When planning your 2018 goals, did you consider travel? It may never have occurred to you to do this, or maybe its been a lifelong dream. It was the most amazing experience of my life when I did this in 2015/2016, and if you’ve ever wanted to do it, I’d urge you to go for it! You don’t know how much time you have left in this life, so why not jump in and get that bucket list started now?
Your Destination(s) determines your budget
This is the best bit! Where do you want to go?? Where is your dream destination? How long do you want to go away for (v.s. how much money you have in reality)?
Have a look at some of my snaps for inspiration…
There’s a catch though – knowing WHERE you want to go and for HOW LONG is essential because it determines HOW MUCH MONEY you need to take.
I locumed like a mad woman for 3 months to save up to pay for it, but it was still not enough. Unwisely, I chose expensive destinations such as Australia and New Zealand which used up the majority of my money (but I still argue it was worth it!).
I was pretty broke by the end of the trip, and at times panicked about how I was going to pay for “life” coming home. I had a very tiny supply of money to get me through the first month back, but it was not a nice way to live, and it took me a year to get my finances back on track afterwards! Bottom line, you NEED money for the interim period when you come home and you’re organising your shifts/new job etc so keep a stash saved.
It helps to have a job lined up, and there is always time when you’re away to organise it (I had a telephone interview in New Zealand at 2am!), but it would be so much better to have a buffer to take the pressure off you when you return so you don’t need to jump into work straight away.
Organise your funds
To keep myself organised, I opened different bank accounts for my savings to keep it separate from my regular outgoings to try and encourage me to save. I also opened a pre-paid travelcard to use while I was away to avoid using credit cards. There are plenty of options out there, so comparison websites are helpful.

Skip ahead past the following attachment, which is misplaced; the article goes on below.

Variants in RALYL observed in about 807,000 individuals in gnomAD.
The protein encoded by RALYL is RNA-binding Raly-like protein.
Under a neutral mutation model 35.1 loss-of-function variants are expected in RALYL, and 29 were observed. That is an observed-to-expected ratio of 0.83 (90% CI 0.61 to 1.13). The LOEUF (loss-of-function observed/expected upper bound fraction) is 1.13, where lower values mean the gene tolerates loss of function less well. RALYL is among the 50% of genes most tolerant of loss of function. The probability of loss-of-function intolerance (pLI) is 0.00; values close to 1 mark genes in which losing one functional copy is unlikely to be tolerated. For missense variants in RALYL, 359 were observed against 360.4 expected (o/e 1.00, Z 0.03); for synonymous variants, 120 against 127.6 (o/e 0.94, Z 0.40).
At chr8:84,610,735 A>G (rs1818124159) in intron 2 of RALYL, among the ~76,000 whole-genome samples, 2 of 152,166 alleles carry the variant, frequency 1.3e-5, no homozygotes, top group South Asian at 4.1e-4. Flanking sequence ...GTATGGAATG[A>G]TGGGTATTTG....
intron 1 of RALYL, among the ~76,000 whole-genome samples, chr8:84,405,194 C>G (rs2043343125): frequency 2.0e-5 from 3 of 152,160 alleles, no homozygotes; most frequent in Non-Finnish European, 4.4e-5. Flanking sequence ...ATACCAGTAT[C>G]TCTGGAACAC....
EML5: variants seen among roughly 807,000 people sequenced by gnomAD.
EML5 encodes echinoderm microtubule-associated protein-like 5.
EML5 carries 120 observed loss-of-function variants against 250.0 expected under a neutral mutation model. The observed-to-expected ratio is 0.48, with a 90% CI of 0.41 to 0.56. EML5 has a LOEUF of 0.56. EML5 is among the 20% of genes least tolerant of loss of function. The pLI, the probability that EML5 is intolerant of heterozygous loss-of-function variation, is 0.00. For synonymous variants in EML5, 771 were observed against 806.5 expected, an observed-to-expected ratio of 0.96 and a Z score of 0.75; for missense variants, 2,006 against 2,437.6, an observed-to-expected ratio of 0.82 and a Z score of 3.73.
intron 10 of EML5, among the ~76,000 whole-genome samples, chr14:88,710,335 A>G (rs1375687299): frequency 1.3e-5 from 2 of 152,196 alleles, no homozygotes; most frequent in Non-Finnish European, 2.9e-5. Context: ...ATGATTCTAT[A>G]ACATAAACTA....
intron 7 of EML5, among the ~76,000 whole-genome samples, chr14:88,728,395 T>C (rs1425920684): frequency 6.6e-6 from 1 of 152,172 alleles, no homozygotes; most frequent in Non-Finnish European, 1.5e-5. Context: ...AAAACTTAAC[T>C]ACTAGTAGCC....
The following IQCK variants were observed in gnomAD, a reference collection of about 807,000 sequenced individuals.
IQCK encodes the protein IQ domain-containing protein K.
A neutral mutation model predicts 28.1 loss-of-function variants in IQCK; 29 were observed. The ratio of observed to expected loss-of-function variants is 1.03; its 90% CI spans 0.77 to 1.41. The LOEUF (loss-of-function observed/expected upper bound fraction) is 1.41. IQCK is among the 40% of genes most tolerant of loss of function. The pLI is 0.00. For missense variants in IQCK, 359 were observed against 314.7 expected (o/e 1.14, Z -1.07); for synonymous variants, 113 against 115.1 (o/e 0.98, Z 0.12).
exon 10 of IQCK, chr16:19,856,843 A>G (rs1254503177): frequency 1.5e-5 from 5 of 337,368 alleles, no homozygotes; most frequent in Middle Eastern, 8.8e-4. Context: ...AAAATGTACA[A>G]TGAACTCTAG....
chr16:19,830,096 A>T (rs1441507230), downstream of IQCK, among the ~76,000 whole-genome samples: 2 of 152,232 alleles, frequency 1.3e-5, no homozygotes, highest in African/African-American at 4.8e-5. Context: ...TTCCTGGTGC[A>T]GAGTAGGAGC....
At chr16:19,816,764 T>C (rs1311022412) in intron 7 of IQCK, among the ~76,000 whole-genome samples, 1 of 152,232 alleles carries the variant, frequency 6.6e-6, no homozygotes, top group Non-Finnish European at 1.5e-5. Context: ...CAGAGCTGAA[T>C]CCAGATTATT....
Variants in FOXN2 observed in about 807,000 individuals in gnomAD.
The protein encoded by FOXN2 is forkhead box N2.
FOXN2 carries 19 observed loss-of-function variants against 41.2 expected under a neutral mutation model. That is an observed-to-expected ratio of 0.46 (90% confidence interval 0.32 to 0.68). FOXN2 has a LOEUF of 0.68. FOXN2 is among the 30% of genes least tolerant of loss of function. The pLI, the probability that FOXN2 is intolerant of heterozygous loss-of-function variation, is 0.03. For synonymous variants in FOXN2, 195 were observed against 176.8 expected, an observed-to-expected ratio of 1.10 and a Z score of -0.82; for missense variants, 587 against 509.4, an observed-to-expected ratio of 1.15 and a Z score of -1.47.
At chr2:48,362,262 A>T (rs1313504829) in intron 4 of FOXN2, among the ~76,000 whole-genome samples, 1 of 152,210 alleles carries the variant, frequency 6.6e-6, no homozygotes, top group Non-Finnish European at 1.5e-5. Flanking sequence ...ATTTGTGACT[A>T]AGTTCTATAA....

Do your research – a AUD$30 per night hostel bed in Australia will get you literally a bed, maybe it’ll be clean, maybe it won’t…but US$30 a night in Vietnam will get you something very comfortable – likely your own room in a hotel. Now I’m not saying don’t go to Australia or New Zealand (you really need to see them at some point because they are literally amazing countries!), but if you do, take enough cash. There are loads of blogs and budgeting websites out there to get started. A good read is insideoursuitcase.com – “A Beginner’s Guide to Hostels”.
Just one final tip on this topic – if there is something you really, really, really want to do, I would consider spending a bit more to go on a proper tour. This is how I did Japan, and I can tell you it was money well spent.
What are your plans while you are away?
The great thing about travelling as a healthcare professional is the transferable skills you have to use in (almost) any country. I didn’t work while I was away, but I have seen some amazing things that people have done on gap years. From flying small airplanes across Africa to deliver obstetric care, working on the front line with Médecins Sans Frontières in refugee camps, to staffing A&E departments in New Zealand, the world is literally your oyster (unless you try going to America – you have to do extra exams for that!). Working for part of your trip could help you to raise cash for the travelling part of it, or you may just be doing it for the personal satisfaction. Whatever your reason, it is worth considering as it can give you massive brownie points on your CV for your return. It ALWAYS makes for a conversation starter in an interview.
Plan out a little time-line and stick it on your wall. It will give you the motivation you need to do another shift to earn the money for it! My initial plan was a little, shall we say, ambitious….until I realised how much money I would need and how much time it would take! It went something like this:
Australia->New Zealand->Fiji->Japan->SE Asia->South Africa->South America->Home